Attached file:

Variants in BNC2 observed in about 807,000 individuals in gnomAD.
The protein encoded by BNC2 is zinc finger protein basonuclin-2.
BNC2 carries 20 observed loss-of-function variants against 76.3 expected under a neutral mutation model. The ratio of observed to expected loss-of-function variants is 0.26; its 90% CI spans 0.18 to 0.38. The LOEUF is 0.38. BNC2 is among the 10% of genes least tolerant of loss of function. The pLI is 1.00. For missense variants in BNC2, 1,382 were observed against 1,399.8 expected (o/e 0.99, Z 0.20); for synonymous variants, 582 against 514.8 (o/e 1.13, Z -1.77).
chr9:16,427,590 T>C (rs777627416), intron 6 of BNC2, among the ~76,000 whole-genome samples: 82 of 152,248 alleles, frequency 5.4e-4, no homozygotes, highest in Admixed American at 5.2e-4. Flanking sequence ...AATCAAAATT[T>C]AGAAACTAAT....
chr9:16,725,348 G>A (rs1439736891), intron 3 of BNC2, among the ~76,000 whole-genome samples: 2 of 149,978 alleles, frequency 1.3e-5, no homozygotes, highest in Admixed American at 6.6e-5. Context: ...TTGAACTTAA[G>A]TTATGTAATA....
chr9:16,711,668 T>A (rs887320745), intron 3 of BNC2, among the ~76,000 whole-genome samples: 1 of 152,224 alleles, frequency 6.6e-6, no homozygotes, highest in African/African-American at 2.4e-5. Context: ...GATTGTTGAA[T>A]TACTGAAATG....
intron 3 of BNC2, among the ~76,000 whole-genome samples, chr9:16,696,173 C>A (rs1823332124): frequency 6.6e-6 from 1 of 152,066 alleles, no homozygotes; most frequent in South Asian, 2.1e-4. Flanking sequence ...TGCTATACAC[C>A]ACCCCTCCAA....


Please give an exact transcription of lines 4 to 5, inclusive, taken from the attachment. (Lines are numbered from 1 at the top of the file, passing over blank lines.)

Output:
chr9:16,427,590 T>C (rs777627416), intron 6 of BNC2, among the ~76,000 whole-genome samples: 82 of 152,248 alleles, frequency 5.4e-4, no homozygotes, highest in Admixed American at 5.2e-4. Flanking sequence ...AATCAAAATT[T>C]AGAAACTAAT....
chr9:16,725,348 G>A (rs1439736891), intron 3 of BNC2, among the ~76,000 whole-genome samples: 2 of 149,978 alleles, frequency 1.3e-5, no homozygotes, highest in Admixed American at 6.6e-5. Context: ...TTGAACTTAA[G>A]TTATGTAATA....